To infinity and beyond: Upward BoundFive talented Silver Bay and Two Harbors students recently participated in the Upward Bound Math and Science Program. Offered by the College of St. Scholastica since 1995, UBMS brings support and enrichment opportunities to students with interest and ability in math and science. The college selects 55 promising, low-income students in northeastern Minnesota to participate each year.
By: Tammy Francois and LaReesa Sandretsky, Lake County News Chronicle
Five talented Silver Bay and Two Harbors students recently participated in the Upward Bound Math and Science Program. Offered by the College of St. Scholastica since 1995, UBMS brings support and enrichment opportunities to students with interest and ability in math and science. The college selects 55 promising, low-income students in northeastern Minnesota to participate each year.
Local participants include Amy Kloster of Silver Bay and Nicole Anderson, Tori Highmark, Paige Ohlund and Kalee Prince of Two Harbors.
Recruiting for UBMS begins when the students are freshmen in high school. Representatives speak to classrooms in nine area high schools. Students are selected based upon written applications, interviews and recommendations by teachers.
“Basically, the student has to display motivation to go to college and have an academic or social need. For example, a student might have a 4.0, but be so shy that they have a hard time talking to other people about who they are and what they have to offer,” said Greg Goman, academic advisor for UBMS.
That can make it difficult for a student in the classroom, in college interviews and when interviewing for jobs, he said.
Once selected, students can benefit from four years of support designed to help them succeed in high school, through the academic testing and college interview processes and throughout their college careers. Once accepted to a four-year college, there are programs to offer ongoing support and scholarship programs for students seeking graduate degrees.
Each month throughout their four years of high school, UBMS participants gather at CSS for a Saturday session. In the spring, students apply for a five-week summer session where they live in CSS campus dorms to get a taste of college life. Once students complete their junior year, they are placed with a local organization or business as an intern during the summer session.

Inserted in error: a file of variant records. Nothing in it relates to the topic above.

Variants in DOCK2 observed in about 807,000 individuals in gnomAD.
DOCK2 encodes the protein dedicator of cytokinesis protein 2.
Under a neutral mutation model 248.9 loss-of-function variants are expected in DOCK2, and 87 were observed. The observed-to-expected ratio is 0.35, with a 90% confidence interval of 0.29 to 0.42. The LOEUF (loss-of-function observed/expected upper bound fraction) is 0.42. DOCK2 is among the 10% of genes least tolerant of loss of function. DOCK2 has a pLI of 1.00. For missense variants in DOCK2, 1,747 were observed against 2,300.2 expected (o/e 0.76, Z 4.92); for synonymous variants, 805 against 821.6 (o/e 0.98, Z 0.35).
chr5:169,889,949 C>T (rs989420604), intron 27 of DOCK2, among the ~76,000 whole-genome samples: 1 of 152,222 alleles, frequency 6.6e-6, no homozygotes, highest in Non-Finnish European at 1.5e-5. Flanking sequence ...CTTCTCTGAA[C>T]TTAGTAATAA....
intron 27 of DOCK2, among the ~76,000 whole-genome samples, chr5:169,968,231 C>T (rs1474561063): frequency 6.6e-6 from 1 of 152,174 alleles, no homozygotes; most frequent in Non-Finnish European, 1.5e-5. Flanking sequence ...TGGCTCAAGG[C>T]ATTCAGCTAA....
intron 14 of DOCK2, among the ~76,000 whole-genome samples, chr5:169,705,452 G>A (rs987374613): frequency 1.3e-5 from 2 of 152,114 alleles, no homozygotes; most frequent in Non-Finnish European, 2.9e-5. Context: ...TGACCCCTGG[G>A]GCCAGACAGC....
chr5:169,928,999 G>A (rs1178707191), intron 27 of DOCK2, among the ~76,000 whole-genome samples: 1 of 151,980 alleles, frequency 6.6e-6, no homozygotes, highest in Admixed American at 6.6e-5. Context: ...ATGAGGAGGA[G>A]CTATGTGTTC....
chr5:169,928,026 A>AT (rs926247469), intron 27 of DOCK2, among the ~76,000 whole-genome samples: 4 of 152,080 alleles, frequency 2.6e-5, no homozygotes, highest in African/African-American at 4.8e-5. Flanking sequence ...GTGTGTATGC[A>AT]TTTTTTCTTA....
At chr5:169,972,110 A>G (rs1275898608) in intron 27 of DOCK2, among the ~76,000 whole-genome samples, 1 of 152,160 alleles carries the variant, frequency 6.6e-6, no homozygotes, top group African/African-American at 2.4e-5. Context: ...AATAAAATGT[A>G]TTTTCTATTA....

“They get 80-100 hours of college level internship experience even before they go to college,” said Goman.
Tori Highmark, a senior at Two Harbors High School, participated in the program beginning her freshman year of high school. Though she took a summer off to work, she said the program has prepared her for college and solidified her career goals.
She completed her internship at Polinsky Physical Therapy this summer and worked in pediatrics. Her tasks were varied—from coloring with kids in the waiting room to helping out during therapy sessions—but she said it was exactly what she wanted.
“I got to see into the field which I was interested in and I thought it was a valuable experience,” Highmark said.
The other participants from Two Harbors and Silver Bay completed five-week internships with the Great Lakes Aquarium, Minnesota Power Engineering, Animal Allies veterinary department and Veterans Memorial Hall.
The students live on campus during the week, too. Highmark said it helped prepare her for the future.
“It gave me a good insight into dorms, schedules and meeting new people. I’ve really made good friends with the people in the program,” Highmark said. She even got to experience college cafeteria food—not the highlight of her experience, she said with a laugh.
“It’s such an awesome experience. You learn so much and take so much out of it,” Highmark said of UBMS.
She hopes to attend CSS for physical therapy after she graduates from THHS.
One of the advantages of UBMS is that “they’ve got an advocate who is there for them,” said Goman who sees fostering confidence as a very important part of the UBMS program. “(When they come to UBMS) it might be the first time students have been told they can be successful.”
As of 2010, 93 percent of students who began UBMS completed the program and 99 percent of those graduated from high school. Statistics from the Alliance for Excellent Education found that only 79 percent of Minnesota students graduate from high school on time with a regular four-year diploma. Low-income students and students of marginalized cultural populations have even lower drop-out rates.
“The most common message we get from students is that they appreciate someone guiding them, not just academically, but step by step through the program,” said Goman.
UBMS is free to students and funding comes from grants from the U.S Department of Education. More information about UBMS and other programs providing support services to low-income and first-generation college students can be found online at www.css.edu/Administration/Upward-Bound.html